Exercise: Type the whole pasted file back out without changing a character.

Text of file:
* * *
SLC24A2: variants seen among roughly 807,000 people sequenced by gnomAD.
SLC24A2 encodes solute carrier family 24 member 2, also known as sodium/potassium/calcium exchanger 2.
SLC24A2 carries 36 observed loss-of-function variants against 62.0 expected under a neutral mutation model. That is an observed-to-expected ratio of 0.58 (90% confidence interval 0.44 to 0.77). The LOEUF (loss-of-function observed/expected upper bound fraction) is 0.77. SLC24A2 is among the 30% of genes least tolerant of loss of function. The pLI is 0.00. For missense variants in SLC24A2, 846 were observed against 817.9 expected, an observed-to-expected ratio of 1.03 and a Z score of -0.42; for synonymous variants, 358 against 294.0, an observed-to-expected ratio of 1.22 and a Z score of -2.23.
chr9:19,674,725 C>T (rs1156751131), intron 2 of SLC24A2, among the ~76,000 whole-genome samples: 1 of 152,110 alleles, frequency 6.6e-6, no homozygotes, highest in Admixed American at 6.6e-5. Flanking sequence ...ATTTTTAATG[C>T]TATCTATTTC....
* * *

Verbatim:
SLC24A2: variants seen among roughly 807,000 people sequenced by gnomAD.
SLC24A2 encodes solute carrier family 24 member 2, also known as sodium/potassium/calcium exchanger 2.
SLC24A2 carries 36 observed loss-of-function variants against 62.0 expected under a neutral mutation model. That is an observed-to-expected ratio of 0.58 (90% confidence interval 0.44 to 0.77). The LOEUF (loss-of-function observed/expected upper bound fraction) is 0.77. SLC24A2 is among the 30% of genes least tolerant of loss of function. The pLI is 0.00. For missense variants in SLC24A2, 846 were observed against 817.9 expected, an observed-to-expected ratio of 1.03 and a Z score of -0.42; for synonymous variants, 358 against 294.0, an observed-to-expected ratio of 1.22 and a Z score of -2.23.
chr9:19,674,725 C>T (rs1156751131), intron 2 of SLC24A2, among the ~76,000 whole-genome samples: 1 of 152,110 alleles, frequency 6.6e-6, no homozygotes, highest in Admixed American at 6.6e-5. Flanking sequence ...ATTTTTAATG[C>T]TATCTATTTC....